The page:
Described as a ceaseless champion for children, Baxter Ball believed in nurturing, not stifling, their innate curiosity. He created an environment in which mistakes were learning opportunities and risk-taking was expected.
Manlius Pebble Hill's beloved headmaster for 21 years died in his sleep Feb. 13 at age 64.
"There is great sadness throughout the MPH community, said Susan Gullo, director of communications. "We have been flooded with calls and e-mails from alumni, former faculty and trustees, all expressing their affection for our head of school and their gratitude for his influence on their lives."
Staff and students were notified of Mr. Ball's passing in the early afternoon the next day. According to Gullo, he had broken his leg before Christmas, but recovered well from that injury. He had a cold for a few days prior to his death.
Though the school community learned of his death just yesterday, a wreath appeared today on the sign of his parking space, and kids have planned to dress up on what would be their "dress down" day tomorrow, in honor of Mr. Ball. Students are also writing notes of condolences and remembrance on poster boards to be given to his grown children once they arrive in Syracuse later tonight. Additionally, students are sharing stories and posting numerous messages about their late school leader on Facebook.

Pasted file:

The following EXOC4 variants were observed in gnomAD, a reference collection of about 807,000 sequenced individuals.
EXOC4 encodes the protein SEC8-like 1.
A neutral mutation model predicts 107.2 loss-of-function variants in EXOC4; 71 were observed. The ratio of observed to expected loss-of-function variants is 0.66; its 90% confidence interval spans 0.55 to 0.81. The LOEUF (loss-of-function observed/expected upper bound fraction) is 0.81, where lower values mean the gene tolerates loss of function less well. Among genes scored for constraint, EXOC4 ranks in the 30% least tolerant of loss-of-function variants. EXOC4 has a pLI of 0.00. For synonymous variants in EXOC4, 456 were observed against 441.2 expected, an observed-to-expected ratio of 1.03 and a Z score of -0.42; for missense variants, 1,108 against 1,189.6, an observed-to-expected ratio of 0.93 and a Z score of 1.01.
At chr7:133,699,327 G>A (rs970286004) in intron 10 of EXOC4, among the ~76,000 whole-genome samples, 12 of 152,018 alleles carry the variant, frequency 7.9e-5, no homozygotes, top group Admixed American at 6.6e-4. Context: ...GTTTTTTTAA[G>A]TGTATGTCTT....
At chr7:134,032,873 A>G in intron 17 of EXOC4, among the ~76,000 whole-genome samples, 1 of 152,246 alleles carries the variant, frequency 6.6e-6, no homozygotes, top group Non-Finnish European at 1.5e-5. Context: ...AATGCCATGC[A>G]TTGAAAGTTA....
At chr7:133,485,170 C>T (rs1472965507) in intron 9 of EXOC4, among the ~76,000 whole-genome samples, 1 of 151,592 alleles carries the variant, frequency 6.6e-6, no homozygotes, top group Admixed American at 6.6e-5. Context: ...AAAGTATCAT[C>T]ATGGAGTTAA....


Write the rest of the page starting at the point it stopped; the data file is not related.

Gullo said that Mr. Ball was known to be a proud father who delighted in his children; he was looking forward to the birth of his first grandchild. He was a kind and generous friend, a historian, a reader, a learner and teacher. He enjoyed collecting memorabilia of the Manlius School, a predecessor school of MPH. He had a vast knowledge of antiques and was an avid collector of Czech glass. Mr. Ball had remarkable enthusiasm for learning and fought complacency in students and staff. He never said 'no' to students; he encouraged their zeal for a new sport, their idea for a new club; their desire for community service opportunities.
Mr. Ball was also a champion of his faculty.
"Nothing delighted him more than seeing a fledgling teacher blossom into a master teacher," Gullo said. "He supported teachers in their desire to try new teaching methods, to develop new courses, to provide new experiences in and out of the classroom."
Chief Financial Officer Tracy Frank was appointed today as interim head of school. Funeral arrangements will be made by his children. School officials expect to learn of the plans sometime tomorrow.